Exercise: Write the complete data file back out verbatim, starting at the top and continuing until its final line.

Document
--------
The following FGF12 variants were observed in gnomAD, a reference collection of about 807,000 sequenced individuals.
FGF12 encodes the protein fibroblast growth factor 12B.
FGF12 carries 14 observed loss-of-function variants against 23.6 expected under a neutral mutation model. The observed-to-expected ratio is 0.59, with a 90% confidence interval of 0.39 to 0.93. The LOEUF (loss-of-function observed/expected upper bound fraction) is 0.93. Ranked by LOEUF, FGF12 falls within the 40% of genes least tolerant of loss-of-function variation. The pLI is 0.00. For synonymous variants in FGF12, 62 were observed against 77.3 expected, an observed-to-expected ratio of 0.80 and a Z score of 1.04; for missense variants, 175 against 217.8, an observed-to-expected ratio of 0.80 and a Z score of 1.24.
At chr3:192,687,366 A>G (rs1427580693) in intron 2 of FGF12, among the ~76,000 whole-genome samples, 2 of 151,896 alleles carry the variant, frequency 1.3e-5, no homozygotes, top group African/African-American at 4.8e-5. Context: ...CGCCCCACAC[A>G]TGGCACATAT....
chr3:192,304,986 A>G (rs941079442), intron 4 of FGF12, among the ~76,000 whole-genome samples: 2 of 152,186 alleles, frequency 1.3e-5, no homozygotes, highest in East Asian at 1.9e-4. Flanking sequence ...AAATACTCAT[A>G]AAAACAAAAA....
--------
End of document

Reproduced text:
The following FGF12 variants were observed in gnomAD, a reference collection of about 807,000 sequenced individuals.
FGF12 encodes the protein fibroblast growth factor 12B.
FGF12 carries 14 observed loss-of-function variants against 23.6 expected under a neutral mutation model. The observed-to-expected ratio is 0.59, with a 90% confidence interval of 0.39 to 0.93. The LOEUF (loss-of-function observed/expected upper bound fraction) is 0.93. Ranked by LOEUF, FGF12 falls within the 40% of genes least tolerant of loss-of-function variation. The pLI is 0.00. For synonymous variants in FGF12, 62 were observed against 77.3 expected, an observed-to-expected ratio of 0.80 and a Z score of 1.04; for missense variants, 175 against 217.8, an observed-to-expected ratio of 0.80 and a Z score of 1.24.
At chr3:192,687,366 A>G (rs1427580693) in intron 2 of FGF12, among the ~76,000 whole-genome samples, 2 of 151,896 alleles carry the variant, frequency 1.3e-5, no homozygotes, top group African/African-American at 4.8e-5. Context: ...CGCCCCACAC[A>G]TGGCACATAT....
chr3:192,304,986 A>G (rs941079442), intron 4 of FGF12, among the ~76,000 whole-genome samples: 2 of 152,186 alleles, frequency 1.3e-5, no homozygotes, highest in East Asian at 1.9e-4. Flanking sequence ...AAATACTCAT[A>G]AAAACAAAAA....